Humans have looked to the sky for millennia. Whether it be to devise stories and mythology, note the change of seasons, or navigate around the world’s oceans, the celestial sphere has been one of the most important human aides in history. In this list, we bring out the 10 brightest objects in space that you should be able to see (depending on the light pollution in your area) by just looking up to the heavens.

Objects in our sky are ranked by how bright they appear to the average person on Earth – a measure known as apparent visual magnitude. Over the course of a year, the apparent magnitude of a celestial body changes, due to two primary factors: firstly, we see a different sky throughout the course of the year, so a celestial body may not always be visible in our night sky; secondly, since the universe is constantly in motion, some bodies move further away from us with time. Though some objects are easy to spot in the sky, such as our beloved Moon, some are harder to spot unless you know where (or in which constellation) to look. For stargazers and amateur astronomers alike, read this list and see if you can find the 10 Brightest Objects in Space That You Can See With Your Naked Eye.


10. Aldebaran
The star Aldebaran (not to be confused with the Star Wars planet of Princess Leia, Alderaan) is the brightest star in the Taurus constellation. Its name comes from the Arabic words for “the Follower”. Aldebaran is remarkably easy to find in the night sky – just find Orion’s belt and follow the three stars from left to right (or right to left if you’re in the Southern Hemisphere) to find the next brightest star. Humanity will have a closer look at Aldebaran when the Pioneer 10 probe passes by in two million years. Yippee. Can’t wait.
9. Altair
The twelfth brightest star on our list (though 20th brightest celestial body), Altair is the second most luminous point of the Summer Triangle to us. It’s also the nearest star in the Triangle to Earth. (Deneb, the dimmest star to us, is 214 times further away and 7,000 times brighter than Altair when seen from the same distance away. The brightest star in the Triangle is #13.)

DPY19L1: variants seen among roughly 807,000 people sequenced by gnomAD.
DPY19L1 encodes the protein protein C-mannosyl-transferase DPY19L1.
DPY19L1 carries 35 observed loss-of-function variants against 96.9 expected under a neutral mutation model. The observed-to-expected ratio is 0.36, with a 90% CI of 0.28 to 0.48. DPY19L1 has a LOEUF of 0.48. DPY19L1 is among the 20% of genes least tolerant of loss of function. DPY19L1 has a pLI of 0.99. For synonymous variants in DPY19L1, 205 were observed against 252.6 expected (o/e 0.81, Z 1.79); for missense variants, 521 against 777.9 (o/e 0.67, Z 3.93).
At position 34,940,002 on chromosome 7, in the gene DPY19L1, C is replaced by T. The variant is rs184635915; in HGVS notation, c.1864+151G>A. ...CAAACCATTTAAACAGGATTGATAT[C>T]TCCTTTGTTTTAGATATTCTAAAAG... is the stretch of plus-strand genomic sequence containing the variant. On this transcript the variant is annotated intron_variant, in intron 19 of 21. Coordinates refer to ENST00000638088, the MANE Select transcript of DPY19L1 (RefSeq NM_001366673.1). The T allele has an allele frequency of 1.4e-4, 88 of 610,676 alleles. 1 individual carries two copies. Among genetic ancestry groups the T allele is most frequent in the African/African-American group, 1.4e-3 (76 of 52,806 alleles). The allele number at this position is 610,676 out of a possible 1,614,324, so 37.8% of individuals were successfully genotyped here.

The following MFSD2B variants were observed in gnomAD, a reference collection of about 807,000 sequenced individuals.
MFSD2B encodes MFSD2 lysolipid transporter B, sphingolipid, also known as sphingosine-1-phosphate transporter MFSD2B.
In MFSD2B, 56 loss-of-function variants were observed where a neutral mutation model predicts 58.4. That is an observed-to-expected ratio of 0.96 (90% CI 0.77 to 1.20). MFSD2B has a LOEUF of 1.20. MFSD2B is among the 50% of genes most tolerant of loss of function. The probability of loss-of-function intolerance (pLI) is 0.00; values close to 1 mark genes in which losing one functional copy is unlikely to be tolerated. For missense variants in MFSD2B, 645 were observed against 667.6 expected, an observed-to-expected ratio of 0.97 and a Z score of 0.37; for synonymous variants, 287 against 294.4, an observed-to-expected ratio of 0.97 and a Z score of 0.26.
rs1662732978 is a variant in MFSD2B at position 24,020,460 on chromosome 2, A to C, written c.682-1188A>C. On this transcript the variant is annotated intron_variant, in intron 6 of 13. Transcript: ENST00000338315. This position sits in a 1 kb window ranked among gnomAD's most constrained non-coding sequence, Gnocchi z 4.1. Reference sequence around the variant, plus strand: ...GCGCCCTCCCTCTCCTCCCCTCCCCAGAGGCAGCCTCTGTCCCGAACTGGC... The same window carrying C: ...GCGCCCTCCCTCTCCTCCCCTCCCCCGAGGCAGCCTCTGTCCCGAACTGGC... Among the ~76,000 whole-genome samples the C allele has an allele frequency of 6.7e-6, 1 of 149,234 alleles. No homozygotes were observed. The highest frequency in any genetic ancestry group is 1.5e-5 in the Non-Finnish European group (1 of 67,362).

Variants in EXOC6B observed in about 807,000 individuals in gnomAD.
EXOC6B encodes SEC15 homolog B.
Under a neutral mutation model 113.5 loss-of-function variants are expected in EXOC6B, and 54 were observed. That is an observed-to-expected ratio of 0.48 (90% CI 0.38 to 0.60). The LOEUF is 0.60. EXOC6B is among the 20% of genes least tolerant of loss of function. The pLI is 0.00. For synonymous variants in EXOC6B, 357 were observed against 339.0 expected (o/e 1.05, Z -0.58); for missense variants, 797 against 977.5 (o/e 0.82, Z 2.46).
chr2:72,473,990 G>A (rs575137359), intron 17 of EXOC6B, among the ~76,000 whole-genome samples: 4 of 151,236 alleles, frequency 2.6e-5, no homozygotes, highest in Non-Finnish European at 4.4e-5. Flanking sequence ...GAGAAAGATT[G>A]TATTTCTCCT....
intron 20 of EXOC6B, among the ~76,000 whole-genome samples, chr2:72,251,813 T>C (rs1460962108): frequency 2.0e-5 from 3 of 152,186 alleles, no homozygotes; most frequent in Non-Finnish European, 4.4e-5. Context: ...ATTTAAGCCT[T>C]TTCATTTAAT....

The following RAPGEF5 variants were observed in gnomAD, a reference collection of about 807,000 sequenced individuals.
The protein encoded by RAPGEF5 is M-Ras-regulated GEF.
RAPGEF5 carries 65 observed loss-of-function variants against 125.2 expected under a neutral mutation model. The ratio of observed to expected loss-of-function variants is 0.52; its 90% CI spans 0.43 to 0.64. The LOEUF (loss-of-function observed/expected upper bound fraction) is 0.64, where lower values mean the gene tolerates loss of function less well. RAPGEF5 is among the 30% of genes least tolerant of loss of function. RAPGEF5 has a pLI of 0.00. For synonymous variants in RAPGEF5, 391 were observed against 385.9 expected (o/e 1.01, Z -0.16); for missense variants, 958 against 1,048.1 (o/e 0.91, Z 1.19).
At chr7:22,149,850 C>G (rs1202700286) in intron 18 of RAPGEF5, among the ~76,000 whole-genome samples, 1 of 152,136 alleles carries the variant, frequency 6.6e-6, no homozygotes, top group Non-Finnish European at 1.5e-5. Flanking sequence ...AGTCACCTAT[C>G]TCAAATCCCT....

8. Vega
Vega is one of the most important stars in the heavens, with some even saying it’s the second most important after our sun. Located only 25 light years away from Earth, Vega used to be the northern pole star about 14,000 years ago (and it will be again around 13,727 A.D.) until its changing orbit made it less bright than Polaris. Vega was also notably the first non-Sun star to be captured on film.
7. Alpha Centauri
Alpha Centauri is part of a binary star system with #19. Though not much more luminous than our Sun, this star system is the closest (at 4.37 light years away) to our Solar System. Moreover, it acts as one end of the Southern Pointers which helped Ferdinand Magellan and other navigators find their way around the Southern Hemisphere. Many astronomers believe a planet (or many) could be orbiting the stars.


6. Mars
Mars has been the focus of amateur and professional astronomers alike for thousands of years. Easily distinguishable in the night sky by its reddish color, the Red Planet has an apparent magnitude of -2.91. Most easily seen from July to September, in August 2003, Mars was the brightest to us that it has been in 60,000 years.
5. Jupiter
The largest planet in the Solar System, Jupiter is an easy target to pick out in the sky. Using a basic telescope, you can pick out the iconic cloud belts drooped across Jupiter’s surface and maybe even see its four largest moons. If you catch it at the right time, Jupiter’s Great Red Spot is visible with a strong telescope.
4. Venus
The brightest planet we can see with the naked eye, Venus has played a role in human culture for millennia. Known by poets as the “morning star” and as the “evening star”, Venus can be seen after sunset after it overtakes the Earth on its yearly cycle and before sunrise after it passes the Earth. Venus is so bright that it can be seen at midday.
3. International Space Station
The only man-made object on our list, the International Space Station orbits the Earth over 15 times a day, creating plenty of viewing opportunities, though it is often confused for a rapidly-moving plane. To find out where and when the ISS will be in the sky above your head, check out NASA’s Spot the Station at https://spotthestation.nasa.gov/.


2. Moon
Our beloved Moon is the most recognizable (and biggest) object in the night sky. Sometimes visible during the day, the moon always shows us the same face because it is locked into a synchronous rotation. Though George W. Bush initially proposed the construction of a lunar base by 2024, NASA’s focus has since shifted to putting man in orbit around Mars by 2035.
1. Sun
It should come as no surprise that our life-giving star is the brightest object in the sky. Though you can see it with the naked eye, you might want to avoid doing so; though looking at the sun for a few seconds can’t actually cause you to go blind, looking at it for a few hours will. Besides being the brightest object in the sky with an apparent magnitude of -26.74, the Sun is also our closest star.

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